Lessons Learned from #EmpoweredMuslimWomen

By Sabina Khan-Ibarra

Muslimah Montage and Brown Girl Magazine had the honor of recently hosting a successful “Tweet Party” with the help of Aisha Saeed, and Coming of Faith‘s Laila Alawa (soon to be a columnist at Altmuslim).  #EmpoweredMuslimWomen trended on Twitter, was featured on Buzzfeed and continues to be tweeted more than 24 hours after the party started. Most of the tweets were positive.  I learned a lot, and hope the people who followed the hashtag learned something, as well.

I learned  the very different meanings the word “empower” based on the very different women who partook in the event.  Empowered women all look, behave, dress and live very differently; this affects very much how they define “empowerment.”  Well known women were not the only ones who are empowered — our mothers and grandmothers, with their own struggles, were just as empowered.

Muslim women are no longer talking about what they wear or how religious they look. They would appreciate it if everyone else would stop talking about it, too.

Women from all over the world participated and one thing was clear: it didn’t matter where the women were from, they wanted to be able to tell their own truths.

And the biggest lesson that I learned was that women empower themselves; they do not need anyone to empower them.  They just need a supportive environment in which to do this.

There were people, men and women, who didn’t like the hashtag for various reasons.  Some said it was redundant, that if you are a Muslim woman, you shouldn’t have to add “empowered.” But, as usual, my argument is that until this is displayed more commonly and Muslims rid themselves of the misogynistic reputation, it is imperative we qualify “Muslim women.”

Some tweets were so racist and sexist that I hardly feel the need to address them.  I will say that Islam has given all humans — women and men — the same rights.  Islamic history is filled with empowered women, from Asiya (RA), who stayed steadfast in her beliefs, to Khadija (RA), an older businesswoman who proposed to the Prophet, to Aisha (RA), who related many of the Ahadith of the Prophet.

Another important thing I learned was actually from a Muslim woman who was very critical of hashtag parties.  She told me that she wished people would do more the just start Twitter trends. She wanted to see action.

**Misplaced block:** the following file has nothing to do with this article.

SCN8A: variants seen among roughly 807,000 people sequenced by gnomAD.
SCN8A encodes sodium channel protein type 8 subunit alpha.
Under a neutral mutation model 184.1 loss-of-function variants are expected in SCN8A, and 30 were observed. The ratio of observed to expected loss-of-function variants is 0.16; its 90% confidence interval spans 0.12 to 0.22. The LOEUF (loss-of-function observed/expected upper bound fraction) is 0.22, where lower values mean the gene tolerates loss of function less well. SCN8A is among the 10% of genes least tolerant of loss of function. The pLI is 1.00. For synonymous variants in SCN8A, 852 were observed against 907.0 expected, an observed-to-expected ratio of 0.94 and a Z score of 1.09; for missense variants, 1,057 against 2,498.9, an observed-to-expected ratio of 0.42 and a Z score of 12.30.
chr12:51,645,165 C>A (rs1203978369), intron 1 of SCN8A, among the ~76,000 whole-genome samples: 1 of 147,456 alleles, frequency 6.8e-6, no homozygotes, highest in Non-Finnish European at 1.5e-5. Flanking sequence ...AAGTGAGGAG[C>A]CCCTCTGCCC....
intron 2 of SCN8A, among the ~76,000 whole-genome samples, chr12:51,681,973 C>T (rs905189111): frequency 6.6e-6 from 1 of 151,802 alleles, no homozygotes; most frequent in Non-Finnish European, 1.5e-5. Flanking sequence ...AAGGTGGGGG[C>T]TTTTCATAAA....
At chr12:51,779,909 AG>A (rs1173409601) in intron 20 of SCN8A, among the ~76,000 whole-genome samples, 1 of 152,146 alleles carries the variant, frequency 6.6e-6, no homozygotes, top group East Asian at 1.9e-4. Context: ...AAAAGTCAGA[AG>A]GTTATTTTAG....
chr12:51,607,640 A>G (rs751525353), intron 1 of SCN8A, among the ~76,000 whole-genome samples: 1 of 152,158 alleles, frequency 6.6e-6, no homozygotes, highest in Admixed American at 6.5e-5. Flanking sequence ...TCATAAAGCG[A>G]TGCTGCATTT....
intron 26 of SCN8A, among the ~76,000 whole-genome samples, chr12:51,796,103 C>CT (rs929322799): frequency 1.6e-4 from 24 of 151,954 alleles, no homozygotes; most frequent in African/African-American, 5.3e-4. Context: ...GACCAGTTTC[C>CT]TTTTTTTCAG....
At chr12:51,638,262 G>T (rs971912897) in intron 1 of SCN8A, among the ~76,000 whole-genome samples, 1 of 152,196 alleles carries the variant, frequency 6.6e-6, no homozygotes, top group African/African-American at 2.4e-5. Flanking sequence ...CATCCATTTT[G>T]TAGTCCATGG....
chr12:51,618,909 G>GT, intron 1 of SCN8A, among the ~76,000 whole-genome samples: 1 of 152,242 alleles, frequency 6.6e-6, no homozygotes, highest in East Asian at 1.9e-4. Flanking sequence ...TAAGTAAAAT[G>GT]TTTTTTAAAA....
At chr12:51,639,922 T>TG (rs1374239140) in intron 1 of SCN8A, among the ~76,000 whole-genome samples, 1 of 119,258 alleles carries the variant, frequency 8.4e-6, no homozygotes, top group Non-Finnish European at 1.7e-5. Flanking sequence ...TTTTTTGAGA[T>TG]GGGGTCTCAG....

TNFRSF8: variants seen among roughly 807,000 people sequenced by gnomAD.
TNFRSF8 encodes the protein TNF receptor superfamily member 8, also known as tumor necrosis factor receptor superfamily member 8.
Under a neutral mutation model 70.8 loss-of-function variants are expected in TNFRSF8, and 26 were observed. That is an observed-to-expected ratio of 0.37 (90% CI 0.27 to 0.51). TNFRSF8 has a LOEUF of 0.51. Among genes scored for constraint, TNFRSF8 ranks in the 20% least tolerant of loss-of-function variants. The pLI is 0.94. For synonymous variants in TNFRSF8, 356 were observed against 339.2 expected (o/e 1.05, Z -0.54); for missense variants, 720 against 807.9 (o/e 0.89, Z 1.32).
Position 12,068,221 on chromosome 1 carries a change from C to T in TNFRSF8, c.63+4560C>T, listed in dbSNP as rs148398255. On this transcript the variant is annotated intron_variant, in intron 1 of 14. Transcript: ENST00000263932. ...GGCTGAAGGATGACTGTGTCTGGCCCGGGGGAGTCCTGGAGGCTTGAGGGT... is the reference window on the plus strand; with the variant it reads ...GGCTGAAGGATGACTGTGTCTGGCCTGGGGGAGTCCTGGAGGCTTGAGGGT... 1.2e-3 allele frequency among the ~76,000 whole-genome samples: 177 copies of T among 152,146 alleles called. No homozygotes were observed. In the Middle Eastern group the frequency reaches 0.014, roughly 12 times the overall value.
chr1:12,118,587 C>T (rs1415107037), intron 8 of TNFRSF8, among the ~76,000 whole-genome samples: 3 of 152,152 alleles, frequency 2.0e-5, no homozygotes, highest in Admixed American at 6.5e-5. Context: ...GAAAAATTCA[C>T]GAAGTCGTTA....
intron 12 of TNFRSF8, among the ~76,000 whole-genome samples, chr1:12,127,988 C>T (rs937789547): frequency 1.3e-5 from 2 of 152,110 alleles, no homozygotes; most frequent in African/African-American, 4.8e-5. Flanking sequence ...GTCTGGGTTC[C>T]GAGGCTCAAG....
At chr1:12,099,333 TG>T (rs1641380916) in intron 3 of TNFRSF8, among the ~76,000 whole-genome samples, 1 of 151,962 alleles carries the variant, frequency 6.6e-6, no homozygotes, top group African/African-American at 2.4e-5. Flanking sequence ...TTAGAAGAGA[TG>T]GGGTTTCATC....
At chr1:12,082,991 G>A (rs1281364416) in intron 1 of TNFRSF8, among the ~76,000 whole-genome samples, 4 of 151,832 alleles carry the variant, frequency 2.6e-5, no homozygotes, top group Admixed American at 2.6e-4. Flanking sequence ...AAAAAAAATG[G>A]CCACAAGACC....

I agree with her.  I hope that people who participated in the #EmpoweredMuslimWomen Tweet Party left feeling more aware and inspired to be part of a change in a very real, practical way.  Social media leads to awareness, and this awareness, I hope, will lead to more people thinking of the role of Muslim women and eventually social activism on a real, very practical level.

I hope that people who read the hashtag will help women to empower themselves. How?

By providing spaces for women to speak, to speak up, and to speak out.

By supporting women who are working on empowering themselves.

By encouraging women to own their stories and tell their narratives in whatever creative way they choose.

By not criticizing others for being different.

By creating and nurturing diverse environments so that there are no exclusions.

By amplifying the voices of those who aren’t being heard.

By joining someone who is already working with projects that help women empower themselves.

By offering a helping hand to those who need it.

By being, providing, and highlighting positive role models for young women.

By encouraging young women to voice their opinions, their concerns and to be a part of discourse and dialogue.

Most of all, by teaching our daughters that we are our own heroes and not to wait for anyone to save us (Thanks Lila Abu-Lughod).

Sabina Khan-Ibarra is the founder of Muslimah Montage. A version of this post originally appeared on her Tumblr, Iamthepoppyflower.

  • Y. A. Warren

    I am so tired of women acting like teenagers and expecting to be respected as elders.


CLOSE | X

HIDE | X